If you haven't been watching Lost, start with the second season, but get the DVDs and catch up as you go. You don't have to do a marathon like the one we've done -- though it is surprising how movie-like the experience is, when you see the episodes in rapid sequence without commercials.

There are drawbacks. For instance, in Episode 5, "Moth," when Charlie crawls through the tunnel, it's obvious that it's not rubble from a cave-in, it's exactly as realistic as the inside of the Tunnel of Love at an amusement park.

The first time I saw that episode, I didn't notice how fake the cave looked because I was concentrating on the story. Second time, you notice surrounding details a little more.

But they weren't exactly going to push actors through real rubble. Still ... they could have tried a little harder, couldn't they?

Maybe not. They're paying so many actors' salaries, maybe they can't afford to spent more than a hundred bucks on any episode's sets. And when you add in the expense of living in Hawaii while they're filming, it's a wonder they can fill an hour every week.

Oh, wait. They don't. They only fill forty-four minutes per episode.

The good part about a second (or third, or fourth) viewing is that you get to appreciate the actors' subtlety. Watching Josh Holloway as Sawyer in the sixth episode, "Confidence Man," is wonderful.

I already knew all the revelations about his character, and the answers to the questions people are urgently asking him. So I could see how subtly he wended his way through a complex character. His character was lying all the time; but the actor never lied. The truth of the character was there. Holloway ain't just a cut body and a manly face.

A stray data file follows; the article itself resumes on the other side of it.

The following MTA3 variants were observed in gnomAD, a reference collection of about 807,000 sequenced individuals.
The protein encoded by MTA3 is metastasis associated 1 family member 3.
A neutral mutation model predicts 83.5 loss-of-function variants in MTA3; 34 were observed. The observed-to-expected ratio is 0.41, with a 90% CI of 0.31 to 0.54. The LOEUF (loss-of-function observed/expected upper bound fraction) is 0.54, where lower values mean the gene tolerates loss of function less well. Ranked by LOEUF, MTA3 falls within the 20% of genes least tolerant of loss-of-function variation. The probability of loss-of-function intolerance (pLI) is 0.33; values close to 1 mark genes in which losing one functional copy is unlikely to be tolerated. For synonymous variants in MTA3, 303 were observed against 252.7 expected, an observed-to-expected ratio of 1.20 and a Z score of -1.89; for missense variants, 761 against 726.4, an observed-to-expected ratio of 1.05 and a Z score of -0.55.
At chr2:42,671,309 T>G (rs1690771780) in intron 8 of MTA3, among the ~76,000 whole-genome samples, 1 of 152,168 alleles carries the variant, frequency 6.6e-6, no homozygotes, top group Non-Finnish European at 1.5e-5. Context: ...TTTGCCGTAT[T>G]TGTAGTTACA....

Seeing Lost all in a row, you realize how much this is the story of just a dozen or so leading characters. Every now and then we see a mass of other people, but whenever anything goes wrong, everyone runs and summons one of the stars. It's the stars who notice everything, discover everything, decide everything, and go on every expedition.

This is only natural -- these are the ones who are getting the big salaries, and they're the ones we tune in to see. Besides, all the actors need to be visible in every episode, and the easiest way to accomplish that is to use one of the leads for every task that comes up.

And maybe that's true to life. Don't you find that in most groups, most of the people are perfectly happy to hang back and let others make the tough choices and do the dangerous or unpleasant jobs?

But they're always there when you serve refreshments.

Whenever we do see people in teeny-weeny cameo-size roles, I always figure they're the mother or father of somebody associated with the show, or maybe production assistants who happened to be there just when they needed to add someone to a shot.